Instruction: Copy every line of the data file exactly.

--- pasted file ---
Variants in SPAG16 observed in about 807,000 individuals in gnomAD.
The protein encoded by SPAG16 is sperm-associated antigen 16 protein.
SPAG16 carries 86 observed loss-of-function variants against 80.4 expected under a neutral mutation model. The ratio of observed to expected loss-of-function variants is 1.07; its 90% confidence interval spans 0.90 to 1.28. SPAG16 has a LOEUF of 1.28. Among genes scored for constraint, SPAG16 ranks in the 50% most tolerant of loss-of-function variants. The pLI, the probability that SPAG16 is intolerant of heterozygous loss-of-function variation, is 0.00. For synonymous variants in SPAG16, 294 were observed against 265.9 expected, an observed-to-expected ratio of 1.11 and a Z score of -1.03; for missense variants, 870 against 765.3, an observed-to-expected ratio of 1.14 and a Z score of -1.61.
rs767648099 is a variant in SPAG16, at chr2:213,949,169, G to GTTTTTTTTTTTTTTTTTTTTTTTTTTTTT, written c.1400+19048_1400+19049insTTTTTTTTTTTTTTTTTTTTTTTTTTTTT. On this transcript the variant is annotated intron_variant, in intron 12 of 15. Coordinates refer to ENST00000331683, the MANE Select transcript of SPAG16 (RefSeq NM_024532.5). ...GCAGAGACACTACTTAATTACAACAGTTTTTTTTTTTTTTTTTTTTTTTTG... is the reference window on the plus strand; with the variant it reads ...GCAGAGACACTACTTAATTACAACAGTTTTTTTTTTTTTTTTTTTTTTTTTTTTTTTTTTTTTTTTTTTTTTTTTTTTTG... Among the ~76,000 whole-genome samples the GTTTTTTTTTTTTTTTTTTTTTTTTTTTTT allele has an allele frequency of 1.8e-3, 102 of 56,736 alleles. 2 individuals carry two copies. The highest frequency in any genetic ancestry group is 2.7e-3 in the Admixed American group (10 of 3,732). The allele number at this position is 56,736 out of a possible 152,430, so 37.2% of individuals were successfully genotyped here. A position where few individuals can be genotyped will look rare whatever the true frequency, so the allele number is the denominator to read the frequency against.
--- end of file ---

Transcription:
Variants in SPAG16 observed in about 807,000 individuals in gnomAD.
The protein encoded by SPAG16 is sperm-associated antigen 16 protein.
SPAG16 carries 86 observed loss-of-function variants against 80.4 expected under a neutral mutation model. The ratio of observed to expected loss-of-function variants is 1.07; its 90% confidence interval spans 0.90 to 1.28. SPAG16 has a LOEUF of 1.28. Among genes scored for constraint, SPAG16 ranks in the 50% most tolerant of loss-of-function variants. The pLI, the probability that SPAG16 is intolerant of heterozygous loss-of-function variation, is 0.00. For synonymous variants in SPAG16, 294 were observed against 265.9 expected, an observed-to-expected ratio of 1.11 and a Z score of -1.03; for missense variants, 870 against 765.3, an observed-to-expected ratio of 1.14 and a Z score of -1.61.
rs767648099 is a variant in SPAG16, at chr2:213,949,169, G to GTTTTTTTTTTTTTTTTTTTTTTTTTTTTT, written c.1400+19048_1400+19049insTTTTTTTTTTTTTTTTTTTTTTTTTTTTT. On this transcript the variant is annotated intron_variant, in intron 12 of 15. Coordinates refer to ENST00000331683, the MANE Select transcript of SPAG16 (RefSeq NM_024532.5). ...GCAGAGACACTACTTAATTACAACAGTTTTTTTTTTTTTTTTTTTTTTTTG... is the reference window on the plus strand; with the variant it reads ...GCAGAGACACTACTTAATTACAACAGTTTTTTTTTTTTTTTTTTTTTTTTTTTTTTTTTTTTTTTTTTTTTTTTTTTTTG... Among the ~76,000 whole-genome samples the GTTTTTTTTTTTTTTTTTTTTTTTTTTTTT allele has an allele frequency of 1.8e-3, 102 of 56,736 alleles. 2 individuals carry two copies. The highest frequency in any genetic ancestry group is 2.7e-3 in the Admixed American group (10 of 3,732). The allele number at this position is 56,736 out of a possible 152,430, so 37.2% of individuals were successfully genotyped here. A position where few individuals can be genotyped will look rare whatever the true frequency, so the allele number is the denominator to read the frequency against.